Bibhab Talukdar

Ashoka Fellow
Fellow Since 2007


This profile was prepared when Bibhab Talukdar was elected to the Ashoka Fellowship in 2007.
The New Idea
Bibhab promotes a research-based conservation and ecological security movement that brings together public outreach, government advocacy, and partnerships with related actors in the civil sector. Primarily working in the Eastern Himalayas of northeast India, Bibhab’s organization, Aaranyak, meaning “All About Forests” identifies biological “hot-spots” that often fall across political or geographic boundaries. Using innovative research techniques and well-coordinated outreach campaigns, Bibhab works to illustrate the direct effects of climate change, global warming, deforestation, the loss of biodiversity and local cultural diversity on such areas. The aim is to make recommendations and demonstrate strategic ways to involve the government and civil society in biodiversity conservation.
Bibhab has long recognized the profound relationship between human suffering and ecological destruction: A degraded environment offers few natural resources for further economic development, while poverty often leads to higher pollution and rapacious exploitation of natural wealth. However, few in the region—be they everyday citizens or government officials—are aware of the distinctly human costs of environmental destruction. Bibhab emphasizes the deep connections between the region’s ecology and its local population, and relies on community participation to deliver conservation messages. Early on, he knew that half the solution lay in simply making people aware of environmental degradation. Whereas the state’s conservation programs are neither intelligible nor appealing to ordinary people, Bibhab focuses on hard data, using facts, figures, and graphics to present seemingly abstract problems in real terms.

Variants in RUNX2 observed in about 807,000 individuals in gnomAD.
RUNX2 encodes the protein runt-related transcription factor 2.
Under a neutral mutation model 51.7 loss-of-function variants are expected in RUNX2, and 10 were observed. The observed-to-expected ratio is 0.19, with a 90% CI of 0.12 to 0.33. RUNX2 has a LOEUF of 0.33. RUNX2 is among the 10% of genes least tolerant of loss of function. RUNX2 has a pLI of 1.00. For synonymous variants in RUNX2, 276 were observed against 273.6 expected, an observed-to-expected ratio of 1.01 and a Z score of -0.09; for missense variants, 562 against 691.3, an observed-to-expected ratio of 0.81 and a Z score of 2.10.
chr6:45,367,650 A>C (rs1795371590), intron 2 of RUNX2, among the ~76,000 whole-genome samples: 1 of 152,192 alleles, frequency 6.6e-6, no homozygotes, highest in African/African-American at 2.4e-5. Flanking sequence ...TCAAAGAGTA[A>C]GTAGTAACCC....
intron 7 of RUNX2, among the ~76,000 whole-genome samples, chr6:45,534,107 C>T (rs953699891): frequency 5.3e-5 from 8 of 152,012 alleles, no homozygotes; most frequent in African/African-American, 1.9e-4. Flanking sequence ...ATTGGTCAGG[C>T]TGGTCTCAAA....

Much of the inaction on the part of both the public and the government can be traced to our inability to see the daily effects of ecological degradation. To counter the resulting lack of urgency, Bibhab uniquely employs geographical information system (GIS) technology to tangibly illustrate the need for action. For instance, by taking two satellite photographs of an area at an interval of five to seven years, he is able to show the rate of green cover destruction. Communities and policy-makers are then considerably more inclined to contribute to damage control and regeneration efforts, making them key players in Aaranyak’s participatory system. Within a few years, Aaranyak presents the community with another photograph showing what they have accomplished. This long-term strategy establishes an incentive for the participants to continue their efforts, and makes it a sustained process. By combining the data with participatory research initiatives and capacity-building programs, Bibhab powerfully illustrates the correlations between man-made destruction and flash floods, shrinking green cover, and its impact on rainfall, agriculture and other forest resources.
The Problem
The Strategy
The Person

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